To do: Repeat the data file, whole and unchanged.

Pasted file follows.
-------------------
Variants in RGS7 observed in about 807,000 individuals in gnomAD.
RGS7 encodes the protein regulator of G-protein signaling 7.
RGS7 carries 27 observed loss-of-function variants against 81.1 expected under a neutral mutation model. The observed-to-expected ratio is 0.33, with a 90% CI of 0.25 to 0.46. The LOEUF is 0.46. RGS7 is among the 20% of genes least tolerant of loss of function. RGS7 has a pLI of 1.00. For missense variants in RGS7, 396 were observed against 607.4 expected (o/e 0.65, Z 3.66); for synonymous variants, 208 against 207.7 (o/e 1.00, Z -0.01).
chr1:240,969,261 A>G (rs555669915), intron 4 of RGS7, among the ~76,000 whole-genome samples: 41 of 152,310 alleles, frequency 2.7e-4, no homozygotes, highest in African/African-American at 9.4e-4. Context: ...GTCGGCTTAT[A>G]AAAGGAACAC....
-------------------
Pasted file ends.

Variants in RGS7 observed in about 807,000 individuals in gnomAD.
RGS7 encodes the protein regulator of G-protein signaling 7.
RGS7 carries 27 observed loss-of-function variants against 81.1 expected under a neutral mutation model. The observed-to-expected ratio is 0.33, with a 90% CI of 0.25 to 0.46. The LOEUF is 0.46. RGS7 is among the 20% of genes least tolerant of loss of function. RGS7 has a pLI of 1.00. For missense variants in RGS7, 396 were observed against 607.4 expected (o/e 0.65, Z 3.66); for synonymous variants, 208 against 207.7 (o/e 1.00, Z -0.01).
chr1:240,969,261 A>G (rs555669915), intron 4 of RGS7, among the ~76,000 whole-genome samples: 41 of 152,310 alleles, frequency 2.7e-4, no homozygotes, highest in African/African-American at 9.4e-4. Context: ...GTCGGCTTAT[A>G]AAAGGAACAC....